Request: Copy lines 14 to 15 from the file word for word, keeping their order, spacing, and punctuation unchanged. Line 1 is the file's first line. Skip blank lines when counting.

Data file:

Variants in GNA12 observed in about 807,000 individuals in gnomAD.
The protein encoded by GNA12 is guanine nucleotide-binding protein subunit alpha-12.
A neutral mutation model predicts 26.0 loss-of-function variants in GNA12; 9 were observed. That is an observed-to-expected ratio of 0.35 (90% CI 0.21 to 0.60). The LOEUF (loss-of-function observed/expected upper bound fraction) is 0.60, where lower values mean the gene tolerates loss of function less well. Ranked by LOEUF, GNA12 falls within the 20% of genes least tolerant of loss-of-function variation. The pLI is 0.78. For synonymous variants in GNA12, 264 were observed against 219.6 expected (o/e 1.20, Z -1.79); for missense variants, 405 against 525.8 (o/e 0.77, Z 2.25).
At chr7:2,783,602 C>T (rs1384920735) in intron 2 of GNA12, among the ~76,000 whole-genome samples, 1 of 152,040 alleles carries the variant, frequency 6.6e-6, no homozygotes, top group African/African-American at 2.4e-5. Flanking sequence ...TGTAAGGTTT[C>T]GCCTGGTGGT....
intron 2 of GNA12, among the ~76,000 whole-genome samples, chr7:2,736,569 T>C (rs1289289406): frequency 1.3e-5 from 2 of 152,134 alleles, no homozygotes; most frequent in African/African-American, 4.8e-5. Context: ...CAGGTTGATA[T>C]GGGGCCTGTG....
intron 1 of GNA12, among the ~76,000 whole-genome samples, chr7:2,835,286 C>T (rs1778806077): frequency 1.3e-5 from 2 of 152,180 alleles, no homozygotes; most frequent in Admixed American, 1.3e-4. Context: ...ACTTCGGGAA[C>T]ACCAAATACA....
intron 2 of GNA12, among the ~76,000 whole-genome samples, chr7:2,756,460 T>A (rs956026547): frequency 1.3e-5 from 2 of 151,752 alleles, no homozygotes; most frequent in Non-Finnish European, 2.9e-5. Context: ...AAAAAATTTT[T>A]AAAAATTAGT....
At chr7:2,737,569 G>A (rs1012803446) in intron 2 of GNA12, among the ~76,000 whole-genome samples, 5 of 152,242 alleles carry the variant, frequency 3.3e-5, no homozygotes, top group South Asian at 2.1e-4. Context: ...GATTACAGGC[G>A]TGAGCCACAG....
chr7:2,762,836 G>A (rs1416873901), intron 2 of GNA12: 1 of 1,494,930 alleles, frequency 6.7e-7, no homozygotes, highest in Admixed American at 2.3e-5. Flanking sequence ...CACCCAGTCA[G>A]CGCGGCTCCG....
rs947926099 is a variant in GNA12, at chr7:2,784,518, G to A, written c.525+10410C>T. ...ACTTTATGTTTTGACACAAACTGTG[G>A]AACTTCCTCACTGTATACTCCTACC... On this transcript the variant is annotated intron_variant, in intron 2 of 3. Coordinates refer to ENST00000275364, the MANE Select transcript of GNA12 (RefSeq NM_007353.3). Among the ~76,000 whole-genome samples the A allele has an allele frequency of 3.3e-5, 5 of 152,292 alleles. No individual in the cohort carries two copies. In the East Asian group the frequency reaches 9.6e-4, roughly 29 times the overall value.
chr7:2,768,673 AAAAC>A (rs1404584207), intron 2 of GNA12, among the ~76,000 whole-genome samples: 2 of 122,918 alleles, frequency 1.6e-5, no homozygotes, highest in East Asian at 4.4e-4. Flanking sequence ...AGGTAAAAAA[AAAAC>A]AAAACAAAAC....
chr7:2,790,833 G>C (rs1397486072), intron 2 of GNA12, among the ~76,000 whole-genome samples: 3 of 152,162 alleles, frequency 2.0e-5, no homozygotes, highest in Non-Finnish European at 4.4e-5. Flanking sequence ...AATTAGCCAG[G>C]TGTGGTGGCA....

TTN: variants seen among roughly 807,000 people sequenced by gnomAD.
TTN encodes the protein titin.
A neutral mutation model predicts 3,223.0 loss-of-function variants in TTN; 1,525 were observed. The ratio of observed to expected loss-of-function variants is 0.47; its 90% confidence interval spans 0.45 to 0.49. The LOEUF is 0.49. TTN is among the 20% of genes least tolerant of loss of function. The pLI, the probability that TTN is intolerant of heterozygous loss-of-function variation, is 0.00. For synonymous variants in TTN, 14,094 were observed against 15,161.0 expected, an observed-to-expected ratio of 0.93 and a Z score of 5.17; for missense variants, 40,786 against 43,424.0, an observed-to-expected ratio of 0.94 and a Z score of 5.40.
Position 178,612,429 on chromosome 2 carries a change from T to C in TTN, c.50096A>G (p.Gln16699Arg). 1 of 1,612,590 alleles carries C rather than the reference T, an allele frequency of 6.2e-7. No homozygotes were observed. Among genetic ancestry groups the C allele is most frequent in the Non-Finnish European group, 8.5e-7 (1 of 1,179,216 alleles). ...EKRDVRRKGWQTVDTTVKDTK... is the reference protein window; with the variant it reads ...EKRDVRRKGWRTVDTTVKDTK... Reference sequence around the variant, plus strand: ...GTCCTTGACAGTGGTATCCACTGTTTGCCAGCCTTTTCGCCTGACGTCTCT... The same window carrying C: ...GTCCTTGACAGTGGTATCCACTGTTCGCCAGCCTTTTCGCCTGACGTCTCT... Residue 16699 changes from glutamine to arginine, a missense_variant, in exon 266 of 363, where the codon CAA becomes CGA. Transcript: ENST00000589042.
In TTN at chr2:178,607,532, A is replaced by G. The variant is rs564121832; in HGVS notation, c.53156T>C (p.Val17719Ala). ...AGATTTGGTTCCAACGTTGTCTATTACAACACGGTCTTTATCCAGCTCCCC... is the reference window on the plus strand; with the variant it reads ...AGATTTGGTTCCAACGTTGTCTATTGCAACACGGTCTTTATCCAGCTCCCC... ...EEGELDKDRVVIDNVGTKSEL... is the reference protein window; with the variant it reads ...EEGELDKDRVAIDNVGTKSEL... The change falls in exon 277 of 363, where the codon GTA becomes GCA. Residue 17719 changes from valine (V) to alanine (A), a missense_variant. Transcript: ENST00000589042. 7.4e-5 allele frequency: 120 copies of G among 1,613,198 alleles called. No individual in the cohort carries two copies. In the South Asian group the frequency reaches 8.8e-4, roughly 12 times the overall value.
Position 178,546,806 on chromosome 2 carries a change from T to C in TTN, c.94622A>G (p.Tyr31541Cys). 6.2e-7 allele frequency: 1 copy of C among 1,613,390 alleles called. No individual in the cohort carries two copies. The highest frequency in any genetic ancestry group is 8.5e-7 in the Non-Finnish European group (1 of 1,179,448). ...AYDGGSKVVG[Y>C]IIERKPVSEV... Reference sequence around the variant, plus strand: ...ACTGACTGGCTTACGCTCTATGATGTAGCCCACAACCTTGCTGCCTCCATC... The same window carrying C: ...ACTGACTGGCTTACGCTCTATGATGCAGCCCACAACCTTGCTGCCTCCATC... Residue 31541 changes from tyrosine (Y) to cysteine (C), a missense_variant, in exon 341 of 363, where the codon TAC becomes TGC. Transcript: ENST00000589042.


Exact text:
TTN encodes the protein titin.
A neutral mutation model predicts 3,223.0 loss-of-function variants in TTN; 1,525 were observed. The ratio of observed to expected loss-of-function variants is 0.47; its 90% confidence interval spans 0.45 to 0.49. The LOEUF is 0.49. TTN is among the 20% of genes least tolerant of loss of function. The pLI, the probability that TTN is intolerant of heterozygous loss-of-function variation, is 0.00. For synonymous variants in TTN, 14,094 were observed against 15,161.0 expected, an observed-to-expected ratio of 0.93 and a Z score of 5.17; for missense variants, 40,786 against 43,424.0, an observed-to-expected ratio of 0.94 and a Z score of 5.40.